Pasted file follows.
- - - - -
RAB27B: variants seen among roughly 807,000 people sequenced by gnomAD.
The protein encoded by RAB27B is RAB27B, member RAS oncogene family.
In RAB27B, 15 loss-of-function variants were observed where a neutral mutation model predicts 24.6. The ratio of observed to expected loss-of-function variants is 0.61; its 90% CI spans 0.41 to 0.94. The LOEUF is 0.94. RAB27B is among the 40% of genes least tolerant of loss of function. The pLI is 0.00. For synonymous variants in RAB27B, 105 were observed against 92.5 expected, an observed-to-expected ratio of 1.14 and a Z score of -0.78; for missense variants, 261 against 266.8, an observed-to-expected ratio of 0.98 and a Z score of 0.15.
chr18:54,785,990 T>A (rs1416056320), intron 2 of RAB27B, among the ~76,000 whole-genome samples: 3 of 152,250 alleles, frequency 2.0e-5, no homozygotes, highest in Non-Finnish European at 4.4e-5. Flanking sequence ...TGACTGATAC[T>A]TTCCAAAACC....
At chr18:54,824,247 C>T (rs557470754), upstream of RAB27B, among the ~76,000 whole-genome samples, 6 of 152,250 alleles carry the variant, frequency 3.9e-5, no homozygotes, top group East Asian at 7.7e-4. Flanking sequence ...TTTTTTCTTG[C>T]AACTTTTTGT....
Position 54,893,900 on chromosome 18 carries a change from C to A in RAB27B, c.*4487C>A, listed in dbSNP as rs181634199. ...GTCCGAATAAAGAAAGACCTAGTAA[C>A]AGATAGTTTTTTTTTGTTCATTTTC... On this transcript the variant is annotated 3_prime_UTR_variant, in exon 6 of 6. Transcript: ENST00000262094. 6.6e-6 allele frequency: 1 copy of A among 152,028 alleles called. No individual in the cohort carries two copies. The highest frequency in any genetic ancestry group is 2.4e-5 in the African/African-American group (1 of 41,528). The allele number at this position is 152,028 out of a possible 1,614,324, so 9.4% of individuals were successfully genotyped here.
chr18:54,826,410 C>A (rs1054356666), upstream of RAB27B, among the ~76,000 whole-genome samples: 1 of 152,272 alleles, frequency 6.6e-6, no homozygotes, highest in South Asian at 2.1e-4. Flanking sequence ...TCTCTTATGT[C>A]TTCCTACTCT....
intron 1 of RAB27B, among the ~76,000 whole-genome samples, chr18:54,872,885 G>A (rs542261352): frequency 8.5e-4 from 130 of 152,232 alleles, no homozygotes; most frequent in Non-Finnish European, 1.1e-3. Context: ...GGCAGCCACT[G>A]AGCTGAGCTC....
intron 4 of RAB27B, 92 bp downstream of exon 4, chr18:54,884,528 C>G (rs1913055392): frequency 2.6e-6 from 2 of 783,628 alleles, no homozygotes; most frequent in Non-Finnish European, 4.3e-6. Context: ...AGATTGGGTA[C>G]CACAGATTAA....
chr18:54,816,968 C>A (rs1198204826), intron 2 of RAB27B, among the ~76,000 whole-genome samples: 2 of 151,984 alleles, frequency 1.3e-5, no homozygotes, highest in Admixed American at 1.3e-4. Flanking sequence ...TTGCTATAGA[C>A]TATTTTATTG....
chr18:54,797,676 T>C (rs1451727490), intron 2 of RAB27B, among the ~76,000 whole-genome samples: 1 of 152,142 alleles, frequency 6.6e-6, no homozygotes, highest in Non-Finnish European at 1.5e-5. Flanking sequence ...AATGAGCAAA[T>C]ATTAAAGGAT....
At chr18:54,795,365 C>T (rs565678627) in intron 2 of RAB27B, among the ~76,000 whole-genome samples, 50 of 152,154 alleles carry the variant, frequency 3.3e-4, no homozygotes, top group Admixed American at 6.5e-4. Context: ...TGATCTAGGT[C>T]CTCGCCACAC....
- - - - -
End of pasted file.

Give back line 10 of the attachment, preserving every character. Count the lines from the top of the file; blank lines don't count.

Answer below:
chr18:54,816,968 C>A (rs1198204826), intron 2 of RAB27B, among the ~76,000 whole-genome samples: 2 of 151,984 alleles, frequency 1.3e-5, no homozygotes, highest in Admixed American at 1.3e-4. Flanking sequence ...TTGCTATAGA[C>A]TATTTTATTG....